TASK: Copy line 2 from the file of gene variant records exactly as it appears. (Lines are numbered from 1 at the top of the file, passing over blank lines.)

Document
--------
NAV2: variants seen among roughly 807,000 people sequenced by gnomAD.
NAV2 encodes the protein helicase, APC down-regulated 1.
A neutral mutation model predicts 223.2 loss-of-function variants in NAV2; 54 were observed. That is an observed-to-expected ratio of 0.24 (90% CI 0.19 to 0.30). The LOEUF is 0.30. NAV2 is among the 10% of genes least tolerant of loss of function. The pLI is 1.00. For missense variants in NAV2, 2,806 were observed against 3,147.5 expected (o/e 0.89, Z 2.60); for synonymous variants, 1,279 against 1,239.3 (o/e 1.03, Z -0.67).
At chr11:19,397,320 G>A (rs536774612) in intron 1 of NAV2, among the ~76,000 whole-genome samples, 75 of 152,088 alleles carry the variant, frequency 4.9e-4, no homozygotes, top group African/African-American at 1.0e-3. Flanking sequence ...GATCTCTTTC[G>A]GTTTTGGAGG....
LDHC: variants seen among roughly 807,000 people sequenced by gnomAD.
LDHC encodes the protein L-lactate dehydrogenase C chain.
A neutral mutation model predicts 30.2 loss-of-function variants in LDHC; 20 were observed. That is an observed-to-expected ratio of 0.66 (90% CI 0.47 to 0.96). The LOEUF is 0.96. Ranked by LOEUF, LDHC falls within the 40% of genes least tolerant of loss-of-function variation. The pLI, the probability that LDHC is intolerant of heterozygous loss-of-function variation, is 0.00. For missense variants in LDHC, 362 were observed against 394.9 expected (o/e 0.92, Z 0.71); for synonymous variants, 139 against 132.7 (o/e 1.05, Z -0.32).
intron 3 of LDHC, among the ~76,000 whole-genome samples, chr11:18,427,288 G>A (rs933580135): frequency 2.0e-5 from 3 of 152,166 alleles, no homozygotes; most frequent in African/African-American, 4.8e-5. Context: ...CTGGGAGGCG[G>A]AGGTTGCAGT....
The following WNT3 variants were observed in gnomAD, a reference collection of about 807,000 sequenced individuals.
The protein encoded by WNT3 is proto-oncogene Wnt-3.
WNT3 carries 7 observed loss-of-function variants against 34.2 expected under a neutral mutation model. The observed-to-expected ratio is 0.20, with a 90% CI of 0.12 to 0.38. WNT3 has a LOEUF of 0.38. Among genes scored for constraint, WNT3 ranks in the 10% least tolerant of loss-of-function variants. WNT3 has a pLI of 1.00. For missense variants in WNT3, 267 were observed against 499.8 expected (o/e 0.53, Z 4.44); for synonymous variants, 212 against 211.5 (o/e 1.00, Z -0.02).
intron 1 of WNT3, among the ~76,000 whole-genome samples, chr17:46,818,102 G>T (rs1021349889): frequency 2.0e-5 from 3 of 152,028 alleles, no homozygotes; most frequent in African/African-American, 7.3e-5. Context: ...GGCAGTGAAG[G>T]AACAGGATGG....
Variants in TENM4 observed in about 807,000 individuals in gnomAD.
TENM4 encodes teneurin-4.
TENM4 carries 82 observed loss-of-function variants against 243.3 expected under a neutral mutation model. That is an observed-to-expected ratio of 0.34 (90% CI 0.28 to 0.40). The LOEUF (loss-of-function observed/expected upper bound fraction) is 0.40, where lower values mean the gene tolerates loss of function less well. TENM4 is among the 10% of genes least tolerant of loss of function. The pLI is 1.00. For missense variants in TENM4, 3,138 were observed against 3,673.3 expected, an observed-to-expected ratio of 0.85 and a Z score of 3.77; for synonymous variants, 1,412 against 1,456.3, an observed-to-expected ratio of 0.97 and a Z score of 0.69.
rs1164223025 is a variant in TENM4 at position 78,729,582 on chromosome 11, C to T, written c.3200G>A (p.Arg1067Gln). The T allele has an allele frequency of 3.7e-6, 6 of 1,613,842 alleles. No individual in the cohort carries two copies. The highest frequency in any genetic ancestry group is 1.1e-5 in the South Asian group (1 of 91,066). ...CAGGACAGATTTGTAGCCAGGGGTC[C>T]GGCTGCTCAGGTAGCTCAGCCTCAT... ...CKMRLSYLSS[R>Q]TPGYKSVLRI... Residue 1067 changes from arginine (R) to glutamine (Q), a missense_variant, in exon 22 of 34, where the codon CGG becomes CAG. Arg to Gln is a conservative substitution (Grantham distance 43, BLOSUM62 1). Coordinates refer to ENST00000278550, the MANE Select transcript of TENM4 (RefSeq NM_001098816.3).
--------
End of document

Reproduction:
NAV2 encodes the protein helicase, APC down-regulated 1.